Teri Yaki


Isn’t that the stuff in the bottle that you find next to the soy sauce? Well, kinda. For many years that was the only definition of the word that I knew. In reality, teriyaki describes a method of cooking with a specific set of ingredients. According to the Kikkoman Corporation glossary (and what other source is better for an American to think they are talking about with Japanese cooking):

” ‘teriyaki’ is used to refer to meat or fish that has been grilled on skewers or pan-broiled, flavored either by marinating or basting with teriyaki sauce, a rich, tasty blend of soy sauce, mirin, sake and sugar.”

While I will often use the bottled stuff, I will equally as often make my own. The recipe below uses a more traditional set of ingredients (soy, mirin and sugar). I will often use an alternative of soy, brown sugar and pineapple juice. In fact, I added some of the pineapple juice to the sauce below.

Teriyaki Pork Medallions

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I love the both the colors in this picture and the tastes of this dish.

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The ingredients for the Pineapple Salsa are here too.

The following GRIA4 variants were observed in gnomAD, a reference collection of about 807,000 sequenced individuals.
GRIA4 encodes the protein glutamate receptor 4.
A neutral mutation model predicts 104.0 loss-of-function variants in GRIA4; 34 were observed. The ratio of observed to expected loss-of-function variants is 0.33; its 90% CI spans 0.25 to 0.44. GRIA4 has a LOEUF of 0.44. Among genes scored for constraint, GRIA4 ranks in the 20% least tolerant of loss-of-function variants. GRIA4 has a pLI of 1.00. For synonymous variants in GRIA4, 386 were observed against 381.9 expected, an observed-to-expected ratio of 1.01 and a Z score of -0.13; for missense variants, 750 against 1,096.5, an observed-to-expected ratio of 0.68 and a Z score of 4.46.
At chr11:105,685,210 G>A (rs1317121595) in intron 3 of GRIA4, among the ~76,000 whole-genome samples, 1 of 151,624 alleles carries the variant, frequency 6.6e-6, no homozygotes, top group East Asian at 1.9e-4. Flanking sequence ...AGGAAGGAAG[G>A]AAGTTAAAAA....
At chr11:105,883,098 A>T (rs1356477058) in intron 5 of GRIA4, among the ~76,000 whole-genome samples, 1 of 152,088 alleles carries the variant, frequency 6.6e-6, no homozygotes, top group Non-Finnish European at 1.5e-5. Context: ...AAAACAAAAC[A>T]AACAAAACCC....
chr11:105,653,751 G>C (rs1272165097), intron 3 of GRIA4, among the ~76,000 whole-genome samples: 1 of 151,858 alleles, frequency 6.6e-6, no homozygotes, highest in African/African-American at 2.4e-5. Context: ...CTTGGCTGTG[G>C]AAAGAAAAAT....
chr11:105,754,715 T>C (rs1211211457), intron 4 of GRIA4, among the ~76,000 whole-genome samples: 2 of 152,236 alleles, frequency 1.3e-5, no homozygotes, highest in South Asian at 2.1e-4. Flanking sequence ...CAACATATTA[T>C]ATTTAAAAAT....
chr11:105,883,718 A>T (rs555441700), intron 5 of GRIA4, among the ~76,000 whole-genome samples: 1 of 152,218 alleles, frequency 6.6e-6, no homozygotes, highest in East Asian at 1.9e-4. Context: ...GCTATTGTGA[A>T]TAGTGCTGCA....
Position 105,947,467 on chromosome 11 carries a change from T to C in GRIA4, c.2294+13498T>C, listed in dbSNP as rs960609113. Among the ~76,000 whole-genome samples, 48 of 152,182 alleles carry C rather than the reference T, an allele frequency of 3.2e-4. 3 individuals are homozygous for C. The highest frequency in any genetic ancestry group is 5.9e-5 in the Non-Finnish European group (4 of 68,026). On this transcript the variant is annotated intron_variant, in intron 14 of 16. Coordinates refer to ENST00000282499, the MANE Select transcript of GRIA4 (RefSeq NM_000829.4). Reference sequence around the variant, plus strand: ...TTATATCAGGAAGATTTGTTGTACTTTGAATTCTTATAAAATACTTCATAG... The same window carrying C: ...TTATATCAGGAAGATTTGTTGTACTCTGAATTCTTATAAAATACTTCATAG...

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Make the salsa and let the flavors mix.

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The homemade teriyaki sauce.

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Frying the pork.

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Reduce the teriyaki.

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All together.

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The asparagus helps balance the sweetness of the pineapple.

Teriyaki Pork Medallions

prep 5 minutes ∙ cook 11 minutes ∙ makes 4 servings (serving size: 3 ounces pork, 1 tablespoon sauce, and 1/3 cup pineapple salsa) ∙ difficulty Easy ∙ source Find.myrecipes.com


  • 6 tablespoons mirin (sweet rice wine)
  • 2 tablespoons low-sodium soy sauce
  • 1 1/2 teaspoons brown sugar
  • 1 teaspoon dark sesame oil
  • 1 (1-pound) pork tenderloin
  • Cooking spray
  • Pineapple Salsa


1. Combine first 4 ingredients, stirring with a whisk.

2. Cut pork crosswise into 8 pieces. Place pork pieces between 2 sheets of heavy-duty plastic wrap; pound each piece to 1/2-inch thickness using a meat mallet or small heavy skillet.

3. Heat a large nonstick skillet over medium-high heat. Coat pork generously with cooking spray; add to pan. Cook 3 minutes on each side or until done. Remove pork from pan; place on a serving platter. Add mirin mixture to pan. Cook 2 minutes or until mixture thickens slightly.

4. Return pork and accumulated juices to pan. Cook 2 minutes, turning pork to coat. Serve pork with sauce and Pineapple Salsa.

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Categories: Fruit 2, Japanese, Low Carb, Main Dish 3, Pork2, Recipes, Wine

Author:The Ranting Chef

Check out the best recipes at rantingchef.com

One Comment on “Teri Yaki”

  1. October 9, 2014 at 11:06 am #

    My Japanese friend Chiharu shared her teriyaki recipe with me and I’ve never looked back!: http://www.charlesprogers.com/blogs/archives/7704


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